By batching tasks by similarity, you utilize the set-up time for multiple purposes instead of having to set it up multiple times repeatedly, wasting valuable time and energy.
The activity batching will greatly differ from job to job.
Here are a couple of examples:
- Batch email reading/writing: Instead of constantly opening your email client or email tab, dedicate one or two daily windows to check your emails. Usually, 1.5 hours after you’ve started your work day is a good time to run the first batch.
- Batch reporting: If you have to write or read reports, do not do that as they come. Batch the whole process and allocate a part of you day to do it. In my case, I used to designate one day a week for this purpose.
In general, batching is something that can be tailored to specific jobs.
It doesn’t have to be an identical subject, topic, activity, etc.
But it has to share similarities (in skills and setup required).
Find what works best for you and schedule yourself.
Pomodoro (and other time-restricted techniques) are also great for task batching.
We’ll go through it in the next point.
5. Use the Pomodoro Technique
The Pomodoro Technique is used for time management, and Francesco Cirillo developed it in the late 1980s.
It basically consists of creating Working Intervals of 25 minutes and then taking a 5-minute break, after which a new 25 minutes working interval would start.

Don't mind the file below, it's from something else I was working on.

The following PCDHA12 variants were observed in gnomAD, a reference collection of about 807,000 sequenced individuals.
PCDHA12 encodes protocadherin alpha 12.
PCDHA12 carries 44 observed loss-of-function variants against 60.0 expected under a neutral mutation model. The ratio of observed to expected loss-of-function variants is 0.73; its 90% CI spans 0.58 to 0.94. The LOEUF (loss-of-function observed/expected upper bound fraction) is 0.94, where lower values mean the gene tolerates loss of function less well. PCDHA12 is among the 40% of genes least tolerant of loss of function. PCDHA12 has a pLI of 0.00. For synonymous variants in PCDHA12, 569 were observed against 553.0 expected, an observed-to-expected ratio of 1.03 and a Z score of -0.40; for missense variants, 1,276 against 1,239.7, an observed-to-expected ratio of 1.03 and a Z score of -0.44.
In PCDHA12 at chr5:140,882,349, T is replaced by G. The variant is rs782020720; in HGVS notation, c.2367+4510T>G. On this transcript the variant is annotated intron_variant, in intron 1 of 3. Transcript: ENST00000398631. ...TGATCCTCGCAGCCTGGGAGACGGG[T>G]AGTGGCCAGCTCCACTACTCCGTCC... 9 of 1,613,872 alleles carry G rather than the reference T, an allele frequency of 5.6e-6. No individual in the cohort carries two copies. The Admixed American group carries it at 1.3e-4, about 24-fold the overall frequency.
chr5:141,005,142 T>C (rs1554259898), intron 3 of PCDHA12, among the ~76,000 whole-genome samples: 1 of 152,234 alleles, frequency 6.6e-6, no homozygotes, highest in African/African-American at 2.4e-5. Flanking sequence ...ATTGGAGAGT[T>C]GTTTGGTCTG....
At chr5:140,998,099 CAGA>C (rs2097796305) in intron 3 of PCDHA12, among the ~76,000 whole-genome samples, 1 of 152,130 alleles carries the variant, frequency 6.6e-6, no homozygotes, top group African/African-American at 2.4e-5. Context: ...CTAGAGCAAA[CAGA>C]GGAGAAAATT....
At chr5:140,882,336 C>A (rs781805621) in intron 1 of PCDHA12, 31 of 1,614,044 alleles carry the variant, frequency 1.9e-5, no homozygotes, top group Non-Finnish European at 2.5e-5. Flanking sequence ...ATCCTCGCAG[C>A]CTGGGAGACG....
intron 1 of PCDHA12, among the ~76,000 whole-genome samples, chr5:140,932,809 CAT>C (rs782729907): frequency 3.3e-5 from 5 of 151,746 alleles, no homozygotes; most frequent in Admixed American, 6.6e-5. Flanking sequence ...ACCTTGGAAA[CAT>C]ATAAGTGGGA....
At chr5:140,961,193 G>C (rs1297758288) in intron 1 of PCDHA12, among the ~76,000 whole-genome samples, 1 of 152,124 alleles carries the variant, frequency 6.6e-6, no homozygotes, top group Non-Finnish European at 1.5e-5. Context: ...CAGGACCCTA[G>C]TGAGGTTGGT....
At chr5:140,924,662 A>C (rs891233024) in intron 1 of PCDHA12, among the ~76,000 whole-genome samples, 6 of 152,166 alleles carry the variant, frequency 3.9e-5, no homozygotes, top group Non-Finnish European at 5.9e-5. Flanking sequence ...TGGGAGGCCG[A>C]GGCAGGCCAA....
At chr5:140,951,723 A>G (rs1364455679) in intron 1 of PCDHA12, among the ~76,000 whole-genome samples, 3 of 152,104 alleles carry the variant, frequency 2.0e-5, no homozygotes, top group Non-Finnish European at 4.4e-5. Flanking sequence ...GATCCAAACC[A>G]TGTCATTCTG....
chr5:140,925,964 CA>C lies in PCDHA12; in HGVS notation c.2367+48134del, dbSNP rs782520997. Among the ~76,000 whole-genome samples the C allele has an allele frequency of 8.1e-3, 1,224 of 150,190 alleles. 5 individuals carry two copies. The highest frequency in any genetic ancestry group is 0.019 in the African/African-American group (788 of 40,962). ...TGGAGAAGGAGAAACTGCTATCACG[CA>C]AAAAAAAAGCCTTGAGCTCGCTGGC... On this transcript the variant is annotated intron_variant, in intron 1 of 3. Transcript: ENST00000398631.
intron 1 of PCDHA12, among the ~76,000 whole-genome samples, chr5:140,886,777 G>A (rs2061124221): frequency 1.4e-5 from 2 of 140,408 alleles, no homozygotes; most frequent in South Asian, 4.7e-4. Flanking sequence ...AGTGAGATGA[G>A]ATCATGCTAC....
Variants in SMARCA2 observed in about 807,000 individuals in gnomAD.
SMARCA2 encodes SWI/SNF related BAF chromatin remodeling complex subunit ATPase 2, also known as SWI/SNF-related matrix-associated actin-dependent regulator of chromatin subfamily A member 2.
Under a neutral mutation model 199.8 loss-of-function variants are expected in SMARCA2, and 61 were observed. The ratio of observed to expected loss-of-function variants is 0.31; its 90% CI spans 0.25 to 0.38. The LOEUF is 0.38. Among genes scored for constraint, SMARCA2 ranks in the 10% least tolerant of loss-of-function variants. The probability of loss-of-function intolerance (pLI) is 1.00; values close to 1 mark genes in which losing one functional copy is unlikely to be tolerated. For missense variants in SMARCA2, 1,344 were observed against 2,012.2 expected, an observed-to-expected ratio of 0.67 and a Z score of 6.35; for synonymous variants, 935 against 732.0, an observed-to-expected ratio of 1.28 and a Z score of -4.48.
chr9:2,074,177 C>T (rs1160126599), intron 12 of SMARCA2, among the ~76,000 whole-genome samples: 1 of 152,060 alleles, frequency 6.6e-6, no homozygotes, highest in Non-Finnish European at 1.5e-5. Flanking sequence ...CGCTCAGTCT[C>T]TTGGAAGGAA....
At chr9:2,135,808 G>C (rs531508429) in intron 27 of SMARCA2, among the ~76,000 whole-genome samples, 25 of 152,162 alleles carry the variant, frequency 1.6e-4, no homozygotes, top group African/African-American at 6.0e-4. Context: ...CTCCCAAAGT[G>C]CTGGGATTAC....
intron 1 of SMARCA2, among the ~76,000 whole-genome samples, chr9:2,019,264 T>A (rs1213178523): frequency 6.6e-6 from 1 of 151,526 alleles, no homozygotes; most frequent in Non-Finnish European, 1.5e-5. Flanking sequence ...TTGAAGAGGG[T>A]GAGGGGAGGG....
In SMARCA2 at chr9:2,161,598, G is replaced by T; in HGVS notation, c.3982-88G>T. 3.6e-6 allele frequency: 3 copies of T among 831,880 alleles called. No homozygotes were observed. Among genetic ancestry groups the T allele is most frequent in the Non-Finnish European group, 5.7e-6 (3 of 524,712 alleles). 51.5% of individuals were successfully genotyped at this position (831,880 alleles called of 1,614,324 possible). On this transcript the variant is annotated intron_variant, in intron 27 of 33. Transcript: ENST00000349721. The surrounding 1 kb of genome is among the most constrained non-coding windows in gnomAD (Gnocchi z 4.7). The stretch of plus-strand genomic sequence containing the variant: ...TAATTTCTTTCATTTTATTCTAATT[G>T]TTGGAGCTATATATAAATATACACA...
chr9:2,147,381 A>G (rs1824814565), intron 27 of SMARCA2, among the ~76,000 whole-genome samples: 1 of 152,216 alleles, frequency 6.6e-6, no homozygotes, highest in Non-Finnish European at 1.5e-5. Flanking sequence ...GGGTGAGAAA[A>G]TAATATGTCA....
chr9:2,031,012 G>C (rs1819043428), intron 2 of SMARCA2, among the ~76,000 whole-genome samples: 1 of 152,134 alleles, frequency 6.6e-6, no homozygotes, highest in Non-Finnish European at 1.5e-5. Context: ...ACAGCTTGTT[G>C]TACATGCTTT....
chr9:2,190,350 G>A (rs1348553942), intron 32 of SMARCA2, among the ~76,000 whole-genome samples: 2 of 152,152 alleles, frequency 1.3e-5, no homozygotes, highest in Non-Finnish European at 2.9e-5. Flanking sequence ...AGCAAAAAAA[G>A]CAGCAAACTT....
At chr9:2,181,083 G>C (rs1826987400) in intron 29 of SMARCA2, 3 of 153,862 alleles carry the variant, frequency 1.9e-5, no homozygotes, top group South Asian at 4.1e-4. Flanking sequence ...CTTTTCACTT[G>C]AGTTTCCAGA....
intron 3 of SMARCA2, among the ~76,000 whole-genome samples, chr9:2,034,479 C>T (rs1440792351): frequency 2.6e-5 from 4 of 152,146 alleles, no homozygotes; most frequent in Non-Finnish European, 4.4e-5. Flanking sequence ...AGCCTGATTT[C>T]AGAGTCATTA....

Taking a longer, 15-min break after 4 Pomodoro intervals is recommended.
Studies have shown that we tend to lose focus and drop productivity if we sustain long periods of continuous work.
So it is important to take regular breaks and hopefully do some sort of physical activity like walking to increase concentration by supplying more blood to the brain and enhance our energy levels and work better.
This time-restriction technique benefits from Parkinson’s Law (work expands to fill the time available for its completion), assigning short periods of time to push yourself to go through the tasks more effectively.
But just completing tasks more effectively isn’t enough to stay motivated.
This is something that can be tackled by finding some purpose behind these tasks.
In our next and final point, we’ll discuss just that.
6. Find purpose
In 1977, a study by psychologist Ellen Langer and her team revealed that people respond 30% more to requests when they are given a reason, even if the reason doesn’t make much sense.
A clear purpose of why we need to do certain things, even if we don’t like them, helps us get motivated to carry them out.
If you get assigned some work that seems irrelevant to you, try talking to your manager so he can help you connect the dots and see the big picture and how that work you’re about to do will be part of something greater.
By following these simple tips, you’ll be more motivated to work harder and better.
Are you ready to push beyond your limits?
Leaving your comfort zone behind and trying these new methods might seem scary.
However, growth and improvement are never easy.
Go ahead and give yourself a little push beyond your limits today.
Which technique or tip will you try first?
Let us know in the comment section below.